Out of the mere 6 guinea hens we started with this spring we are down to one and I’m ready to ring his scrawny little neck! I have heard that raising guineas with chickens makes them easier to train; for things like going into the coop at night and such. I have also read the females can be territorial but the males can be down-right nasty. When ordering most birds you can have them sexed; guineas you only get a straight run option (meaning you get whatever hatched).
I have had chickens loose feathers before, usually due to a rowdy rooster trying to mate with a hen. But this group seemed to have a bigger problem than the usual rooster. After watching the chickens while I was on a “steak out” trying to kill the fox, I found the problem. It was the one remaining guinea.
The one we have left I have named Lucifer because he is the meanest bird in the flock! The roosters are a rowdier bunch than normal but they peck and run for the most part. Lucifer locks on to his target and doesn’t quit until his feet are planted on the back of the bird and he has a mouth full of feathers.
He is so mean that even Thomas Thanksgiving (the last of the Turkeys) has no tail feathers and had to be removed from the group because he was starting to bleed due to the relentless pecking. See more about blood and birds in The Story of One Winged Wilma and the Guinea.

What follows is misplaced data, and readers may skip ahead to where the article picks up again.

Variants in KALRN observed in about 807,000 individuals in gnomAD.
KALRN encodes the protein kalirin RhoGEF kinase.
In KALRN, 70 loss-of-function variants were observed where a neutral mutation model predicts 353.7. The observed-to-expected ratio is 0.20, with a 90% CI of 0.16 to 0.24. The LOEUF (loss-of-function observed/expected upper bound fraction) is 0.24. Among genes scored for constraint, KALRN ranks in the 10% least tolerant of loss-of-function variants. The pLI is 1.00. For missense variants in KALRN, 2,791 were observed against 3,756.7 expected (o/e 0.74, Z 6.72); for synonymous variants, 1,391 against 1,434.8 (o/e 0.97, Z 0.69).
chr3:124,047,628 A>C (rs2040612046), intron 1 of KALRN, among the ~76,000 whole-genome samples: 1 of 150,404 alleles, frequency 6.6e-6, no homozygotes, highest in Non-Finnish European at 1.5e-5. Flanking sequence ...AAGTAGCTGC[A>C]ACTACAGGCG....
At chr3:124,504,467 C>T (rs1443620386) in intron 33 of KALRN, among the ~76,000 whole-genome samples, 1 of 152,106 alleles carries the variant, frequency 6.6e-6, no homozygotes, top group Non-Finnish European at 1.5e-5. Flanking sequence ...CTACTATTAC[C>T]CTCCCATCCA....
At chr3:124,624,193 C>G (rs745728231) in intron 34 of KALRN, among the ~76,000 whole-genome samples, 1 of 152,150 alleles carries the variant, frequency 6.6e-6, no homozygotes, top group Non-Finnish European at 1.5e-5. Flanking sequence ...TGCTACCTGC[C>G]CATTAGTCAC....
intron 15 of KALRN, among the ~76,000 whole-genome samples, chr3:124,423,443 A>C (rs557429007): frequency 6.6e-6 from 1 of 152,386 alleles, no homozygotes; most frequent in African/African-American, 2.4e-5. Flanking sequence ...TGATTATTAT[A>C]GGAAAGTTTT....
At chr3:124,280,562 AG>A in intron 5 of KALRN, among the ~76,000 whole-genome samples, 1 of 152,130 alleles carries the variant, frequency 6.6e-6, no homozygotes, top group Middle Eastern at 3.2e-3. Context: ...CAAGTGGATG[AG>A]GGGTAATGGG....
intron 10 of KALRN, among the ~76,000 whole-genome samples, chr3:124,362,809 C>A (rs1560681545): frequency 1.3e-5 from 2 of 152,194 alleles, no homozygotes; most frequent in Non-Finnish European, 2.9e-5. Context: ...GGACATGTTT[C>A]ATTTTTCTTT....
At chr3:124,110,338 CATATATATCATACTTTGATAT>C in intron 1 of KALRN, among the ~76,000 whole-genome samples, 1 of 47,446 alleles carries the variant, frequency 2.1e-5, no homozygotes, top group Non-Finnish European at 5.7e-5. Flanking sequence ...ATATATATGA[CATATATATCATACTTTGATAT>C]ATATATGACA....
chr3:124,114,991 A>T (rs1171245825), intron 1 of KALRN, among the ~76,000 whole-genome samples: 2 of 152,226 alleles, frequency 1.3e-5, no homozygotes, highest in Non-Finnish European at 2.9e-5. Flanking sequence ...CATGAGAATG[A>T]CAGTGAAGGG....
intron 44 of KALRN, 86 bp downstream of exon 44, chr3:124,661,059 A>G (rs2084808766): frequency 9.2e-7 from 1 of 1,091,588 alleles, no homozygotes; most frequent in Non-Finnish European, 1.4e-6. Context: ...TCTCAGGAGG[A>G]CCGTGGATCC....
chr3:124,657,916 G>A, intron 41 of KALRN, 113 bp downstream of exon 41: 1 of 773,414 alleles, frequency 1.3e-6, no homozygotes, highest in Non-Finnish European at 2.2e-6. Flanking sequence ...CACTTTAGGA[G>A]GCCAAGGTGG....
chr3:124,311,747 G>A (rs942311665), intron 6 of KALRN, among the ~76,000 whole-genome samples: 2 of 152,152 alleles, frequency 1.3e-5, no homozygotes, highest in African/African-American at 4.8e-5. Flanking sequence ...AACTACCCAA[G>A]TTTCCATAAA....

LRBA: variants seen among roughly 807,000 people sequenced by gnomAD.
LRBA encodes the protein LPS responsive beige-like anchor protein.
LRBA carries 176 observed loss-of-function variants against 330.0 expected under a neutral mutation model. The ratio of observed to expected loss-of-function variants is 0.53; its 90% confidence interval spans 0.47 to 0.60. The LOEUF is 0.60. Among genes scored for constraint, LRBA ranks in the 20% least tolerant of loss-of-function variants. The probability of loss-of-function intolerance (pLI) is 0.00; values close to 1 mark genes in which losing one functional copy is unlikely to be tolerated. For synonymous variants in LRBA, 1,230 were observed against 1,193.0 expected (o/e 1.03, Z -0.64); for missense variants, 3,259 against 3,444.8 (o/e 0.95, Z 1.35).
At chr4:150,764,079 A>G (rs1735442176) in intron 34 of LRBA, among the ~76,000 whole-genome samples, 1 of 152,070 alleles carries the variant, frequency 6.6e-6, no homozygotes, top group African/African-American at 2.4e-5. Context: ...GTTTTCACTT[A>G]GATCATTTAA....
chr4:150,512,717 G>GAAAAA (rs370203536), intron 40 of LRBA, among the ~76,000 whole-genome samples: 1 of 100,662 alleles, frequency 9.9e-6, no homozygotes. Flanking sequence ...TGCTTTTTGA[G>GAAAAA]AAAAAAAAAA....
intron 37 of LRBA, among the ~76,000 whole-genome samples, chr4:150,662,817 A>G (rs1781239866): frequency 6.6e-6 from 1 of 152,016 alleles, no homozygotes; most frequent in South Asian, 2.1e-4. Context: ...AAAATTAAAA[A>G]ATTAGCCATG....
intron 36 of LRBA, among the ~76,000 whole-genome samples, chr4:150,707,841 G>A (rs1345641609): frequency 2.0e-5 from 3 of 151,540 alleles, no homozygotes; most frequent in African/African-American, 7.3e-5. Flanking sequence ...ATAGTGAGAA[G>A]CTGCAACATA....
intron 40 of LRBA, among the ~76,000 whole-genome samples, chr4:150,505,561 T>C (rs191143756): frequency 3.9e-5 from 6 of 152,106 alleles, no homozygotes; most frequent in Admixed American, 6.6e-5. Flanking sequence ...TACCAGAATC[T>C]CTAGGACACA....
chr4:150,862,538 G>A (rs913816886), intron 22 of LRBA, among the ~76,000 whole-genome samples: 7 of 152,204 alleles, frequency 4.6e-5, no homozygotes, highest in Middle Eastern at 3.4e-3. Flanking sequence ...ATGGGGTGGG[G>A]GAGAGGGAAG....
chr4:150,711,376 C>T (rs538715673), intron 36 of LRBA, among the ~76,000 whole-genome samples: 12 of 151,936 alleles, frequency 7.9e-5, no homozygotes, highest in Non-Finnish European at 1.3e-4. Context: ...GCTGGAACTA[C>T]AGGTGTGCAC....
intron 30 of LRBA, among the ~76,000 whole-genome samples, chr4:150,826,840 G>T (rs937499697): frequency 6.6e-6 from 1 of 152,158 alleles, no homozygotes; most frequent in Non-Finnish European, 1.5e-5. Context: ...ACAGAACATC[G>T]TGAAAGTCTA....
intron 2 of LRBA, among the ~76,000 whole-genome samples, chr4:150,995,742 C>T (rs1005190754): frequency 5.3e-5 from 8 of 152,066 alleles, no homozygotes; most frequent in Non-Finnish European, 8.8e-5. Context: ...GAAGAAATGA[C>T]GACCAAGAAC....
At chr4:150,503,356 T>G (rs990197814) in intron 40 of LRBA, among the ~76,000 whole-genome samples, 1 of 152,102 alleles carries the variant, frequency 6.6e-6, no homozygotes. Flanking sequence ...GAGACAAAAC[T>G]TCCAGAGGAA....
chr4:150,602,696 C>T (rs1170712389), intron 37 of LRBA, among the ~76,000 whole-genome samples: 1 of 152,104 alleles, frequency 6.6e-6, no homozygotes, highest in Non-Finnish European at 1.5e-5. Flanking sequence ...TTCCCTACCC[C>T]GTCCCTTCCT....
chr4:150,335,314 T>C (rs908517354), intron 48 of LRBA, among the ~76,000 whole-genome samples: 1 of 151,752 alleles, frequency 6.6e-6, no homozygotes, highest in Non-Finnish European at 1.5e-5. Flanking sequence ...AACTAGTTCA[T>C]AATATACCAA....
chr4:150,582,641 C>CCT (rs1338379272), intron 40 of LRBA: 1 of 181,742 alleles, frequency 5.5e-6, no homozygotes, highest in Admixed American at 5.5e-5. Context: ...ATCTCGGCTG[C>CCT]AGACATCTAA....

Now that I have found the problem, the situation will be remedied. I am going to set Lucifer free.
From this there are a few possible outcomes:
1. He will get eaten by the dogs or the fox.
2. He will scare the dogs enough that they will forever leave the chickens alone and he will eat the fox.
3. He will survive and wander about the place until he freezes to death or chokes on a mouse. (I don’t think they eat mice but I wouldn’t put it past this one.)
This may sound harsh especially when I try to give each animal the highest quality of life we can provide, but I have limits too and he has reached the end of the line! With a bird this mean around the laying hens will not lay and that is a problem all it’s own. Not to mention how is anyone going to “Shake a Tail Feather” when they don’t have any left?!
We plan to try again next year with the guineas and rework the system a bit. They really are pretty birds. We had the pearl breed, they have little poke-a-dots on each feather and when they are not trying to kill one another are quite fun to watch.
It’s time to enjoy the get outdoors you mean bird!